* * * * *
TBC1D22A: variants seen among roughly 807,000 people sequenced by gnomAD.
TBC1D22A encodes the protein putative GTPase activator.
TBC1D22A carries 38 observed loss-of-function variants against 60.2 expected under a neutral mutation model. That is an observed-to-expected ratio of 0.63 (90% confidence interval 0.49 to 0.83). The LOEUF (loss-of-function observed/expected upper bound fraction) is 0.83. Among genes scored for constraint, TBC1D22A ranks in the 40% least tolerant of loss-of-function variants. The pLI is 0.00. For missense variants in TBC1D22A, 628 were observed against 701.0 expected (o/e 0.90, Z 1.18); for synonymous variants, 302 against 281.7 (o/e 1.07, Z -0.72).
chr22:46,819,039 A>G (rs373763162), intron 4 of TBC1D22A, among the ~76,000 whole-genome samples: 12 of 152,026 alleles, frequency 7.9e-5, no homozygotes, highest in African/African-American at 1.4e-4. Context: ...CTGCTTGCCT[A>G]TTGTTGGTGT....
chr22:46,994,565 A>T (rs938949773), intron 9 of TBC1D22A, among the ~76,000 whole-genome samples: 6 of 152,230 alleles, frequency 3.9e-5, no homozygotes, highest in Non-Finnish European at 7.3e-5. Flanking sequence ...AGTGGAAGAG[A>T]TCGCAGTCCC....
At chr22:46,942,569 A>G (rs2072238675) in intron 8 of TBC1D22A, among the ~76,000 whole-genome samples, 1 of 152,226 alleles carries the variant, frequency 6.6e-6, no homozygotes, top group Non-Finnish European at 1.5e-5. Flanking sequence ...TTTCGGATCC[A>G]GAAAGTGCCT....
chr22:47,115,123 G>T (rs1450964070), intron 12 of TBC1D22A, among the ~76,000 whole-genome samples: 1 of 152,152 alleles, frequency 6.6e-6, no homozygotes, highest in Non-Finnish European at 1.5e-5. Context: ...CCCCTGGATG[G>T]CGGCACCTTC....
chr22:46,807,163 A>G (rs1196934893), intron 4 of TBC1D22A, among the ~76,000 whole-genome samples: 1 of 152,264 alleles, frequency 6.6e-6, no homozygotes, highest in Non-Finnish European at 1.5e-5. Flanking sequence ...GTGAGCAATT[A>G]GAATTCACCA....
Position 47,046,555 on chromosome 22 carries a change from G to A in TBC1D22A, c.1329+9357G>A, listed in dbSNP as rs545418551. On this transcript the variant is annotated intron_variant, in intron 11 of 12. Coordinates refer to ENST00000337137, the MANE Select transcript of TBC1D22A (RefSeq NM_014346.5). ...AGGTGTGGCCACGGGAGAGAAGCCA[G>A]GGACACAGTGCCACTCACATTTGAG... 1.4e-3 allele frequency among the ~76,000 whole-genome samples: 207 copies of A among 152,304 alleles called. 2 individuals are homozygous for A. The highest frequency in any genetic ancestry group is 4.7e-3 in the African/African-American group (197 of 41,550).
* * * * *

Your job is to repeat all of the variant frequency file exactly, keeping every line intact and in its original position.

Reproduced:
TBC1D22A: variants seen among roughly 807,000 people sequenced by gnomAD.
TBC1D22A encodes the protein putative GTPase activator.
TBC1D22A carries 38 observed loss-of-function variants against 60.2 expected under a neutral mutation model. That is an observed-to-expected ratio of 0.63 (90% confidence interval 0.49 to 0.83). The LOEUF (loss-of-function observed/expected upper bound fraction) is 0.83. Among genes scored for constraint, TBC1D22A ranks in the 40% least tolerant of loss-of-function variants. The pLI is 0.00. For missense variants in TBC1D22A, 628 were observed against 701.0 expected (o/e 0.90, Z 1.18); for synonymous variants, 302 against 281.7 (o/e 1.07, Z -0.72).
chr22:46,819,039 A>G (rs373763162), intron 4 of TBC1D22A, among the ~76,000 whole-genome samples: 12 of 152,026 alleles, frequency 7.9e-5, no homozygotes, highest in African/African-American at 1.4e-4. Context: ...CTGCTTGCCT[A>G]TTGTTGGTGT....
chr22:46,994,565 A>T (rs938949773), intron 9 of TBC1D22A, among the ~76,000 whole-genome samples: 6 of 152,230 alleles, frequency 3.9e-5, no homozygotes, highest in Non-Finnish European at 7.3e-5. Flanking sequence ...AGTGGAAGAG[A>T]TCGCAGTCCC....
At chr22:46,942,569 A>G (rs2072238675) in intron 8 of TBC1D22A, among the ~76,000 whole-genome samples, 1 of 152,226 alleles carries the variant, frequency 6.6e-6, no homozygotes, top group Non-Finnish European at 1.5e-5. Flanking sequence ...TTTCGGATCC[A>G]GAAAGTGCCT....
chr22:47,115,123 G>T (rs1450964070), intron 12 of TBC1D22A, among the ~76,000 whole-genome samples: 1 of 152,152 alleles, frequency 6.6e-6, no homozygotes, highest in Non-Finnish European at 1.5e-5. Context: ...CCCCTGGATG[G>T]CGGCACCTTC....
chr22:46,807,163 A>G (rs1196934893), intron 4 of TBC1D22A, among the ~76,000 whole-genome samples: 1 of 152,264 alleles, frequency 6.6e-6, no homozygotes, highest in Non-Finnish European at 1.5e-5. Flanking sequence ...GTGAGCAATT[A>G]GAATTCACCA....
Position 47,046,555 on chromosome 22 carries a change from G to A in TBC1D22A, c.1329+9357G>A, listed in dbSNP as rs545418551. On this transcript the variant is annotated intron_variant, in intron 11 of 12. Coordinates refer to ENST00000337137, the MANE Select transcript of TBC1D22A (RefSeq NM_014346.5). ...AGGTGTGGCCACGGGAGAGAAGCCA[G>A]GGACACAGTGCCACTCACATTTGAG... 1.4e-3 allele frequency among the ~76,000 whole-genome samples: 207 copies of A among 152,304 alleles called. 2 individuals are homozygous for A. The highest frequency in any genetic ancestry group is 4.7e-3 in the African/African-American group (197 of 41,550).